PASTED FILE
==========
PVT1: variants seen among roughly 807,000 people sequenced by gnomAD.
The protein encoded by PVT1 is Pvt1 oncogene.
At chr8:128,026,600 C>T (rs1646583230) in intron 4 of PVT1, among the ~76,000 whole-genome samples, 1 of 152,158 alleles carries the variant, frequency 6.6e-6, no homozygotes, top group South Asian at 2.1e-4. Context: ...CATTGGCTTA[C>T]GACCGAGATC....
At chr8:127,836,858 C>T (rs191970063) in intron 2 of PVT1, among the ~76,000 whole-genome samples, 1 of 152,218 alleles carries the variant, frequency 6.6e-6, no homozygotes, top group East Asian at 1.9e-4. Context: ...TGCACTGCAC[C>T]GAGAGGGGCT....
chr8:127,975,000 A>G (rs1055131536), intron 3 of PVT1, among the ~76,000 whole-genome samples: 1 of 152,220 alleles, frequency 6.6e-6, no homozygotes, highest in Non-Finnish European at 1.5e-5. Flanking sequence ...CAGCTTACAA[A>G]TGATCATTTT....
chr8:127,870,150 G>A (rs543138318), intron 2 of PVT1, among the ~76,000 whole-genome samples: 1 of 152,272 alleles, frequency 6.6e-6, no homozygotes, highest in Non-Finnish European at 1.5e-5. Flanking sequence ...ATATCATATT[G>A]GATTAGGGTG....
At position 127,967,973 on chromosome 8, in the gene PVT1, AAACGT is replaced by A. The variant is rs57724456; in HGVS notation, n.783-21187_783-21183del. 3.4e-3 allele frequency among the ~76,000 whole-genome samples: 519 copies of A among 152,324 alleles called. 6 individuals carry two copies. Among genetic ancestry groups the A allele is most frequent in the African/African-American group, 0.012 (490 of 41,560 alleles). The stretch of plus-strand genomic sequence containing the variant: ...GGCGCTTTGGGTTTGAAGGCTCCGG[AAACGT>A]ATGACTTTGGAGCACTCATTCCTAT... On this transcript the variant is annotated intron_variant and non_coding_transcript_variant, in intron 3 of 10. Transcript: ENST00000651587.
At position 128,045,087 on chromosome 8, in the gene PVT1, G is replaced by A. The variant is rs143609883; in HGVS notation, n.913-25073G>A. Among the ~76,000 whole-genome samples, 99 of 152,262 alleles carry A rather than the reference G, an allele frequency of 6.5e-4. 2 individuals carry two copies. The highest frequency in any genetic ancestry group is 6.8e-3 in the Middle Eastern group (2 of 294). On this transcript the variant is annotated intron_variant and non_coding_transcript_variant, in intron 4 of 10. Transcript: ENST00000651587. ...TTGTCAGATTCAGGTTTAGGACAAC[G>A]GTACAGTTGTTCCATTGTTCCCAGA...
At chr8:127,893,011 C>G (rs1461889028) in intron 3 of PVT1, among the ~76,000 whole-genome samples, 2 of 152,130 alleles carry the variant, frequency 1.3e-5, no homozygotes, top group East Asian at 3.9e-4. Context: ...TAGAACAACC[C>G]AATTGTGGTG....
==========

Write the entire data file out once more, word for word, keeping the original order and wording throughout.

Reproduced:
PVT1: variants seen among roughly 807,000 people sequenced by gnomAD.
The protein encoded by PVT1 is Pvt1 oncogene.
At chr8:128,026,600 C>T (rs1646583230) in intron 4 of PVT1, among the ~76,000 whole-genome samples, 1 of 152,158 alleles carries the variant, frequency 6.6e-6, no homozygotes, top group South Asian at 2.1e-4. Context: ...CATTGGCTTA[C>T]GACCGAGATC....
At chr8:127,836,858 C>T (rs191970063) in intron 2 of PVT1, among the ~76,000 whole-genome samples, 1 of 152,218 alleles carries the variant, frequency 6.6e-6, no homozygotes, top group East Asian at 1.9e-4. Context: ...TGCACTGCAC[C>T]GAGAGGGGCT....
chr8:127,975,000 A>G (rs1055131536), intron 3 of PVT1, among the ~76,000 whole-genome samples: 1 of 152,220 alleles, frequency 6.6e-6, no homozygotes, highest in Non-Finnish European at 1.5e-5. Flanking sequence ...CAGCTTACAA[A>G]TGATCATTTT....
chr8:127,870,150 G>A (rs543138318), intron 2 of PVT1, among the ~76,000 whole-genome samples: 1 of 152,272 alleles, frequency 6.6e-6, no homozygotes, highest in Non-Finnish European at 1.5e-5. Flanking sequence ...ATATCATATT[G>A]GATTAGGGTG....
At position 127,967,973 on chromosome 8, in the gene PVT1, AAACGT is replaced by A. The variant is rs57724456; in HGVS notation, n.783-21187_783-21183del. 3.4e-3 allele frequency among the ~76,000 whole-genome samples: 519 copies of A among 152,324 alleles called. 6 individuals carry two copies. Among genetic ancestry groups the A allele is most frequent in the African/African-American group, 0.012 (490 of 41,560 alleles). The stretch of plus-strand genomic sequence containing the variant: ...GGCGCTTTGGGTTTGAAGGCTCCGG[AAACGT>A]ATGACTTTGGAGCACTCATTCCTAT... On this transcript the variant is annotated intron_variant and non_coding_transcript_variant, in intron 3 of 10. Transcript: ENST00000651587.
At position 128,045,087 on chromosome 8, in the gene PVT1, G is replaced by A. The variant is rs143609883; in HGVS notation, n.913-25073G>A. Among the ~76,000 whole-genome samples, 99 of 152,262 alleles carry A rather than the reference G, an allele frequency of 6.5e-4. 2 individuals carry two copies. The highest frequency in any genetic ancestry group is 6.8e-3 in the Middle Eastern group (2 of 294). On this transcript the variant is annotated intron_variant and non_coding_transcript_variant, in intron 4 of 10. Transcript: ENST00000651587. ...TTGTCAGATTCAGGTTTAGGACAAC[G>A]GTACAGTTGTTCCATTGTTCCCAGA...
At chr8:127,893,011 C>G (rs1461889028) in intron 3 of PVT1, among the ~76,000 whole-genome samples, 2 of 152,130 alleles carry the variant, frequency 1.3e-5, no homozygotes, top group East Asian at 3.9e-4. Context: ...TAGAACAACC[C>G]AATTGTGGTG....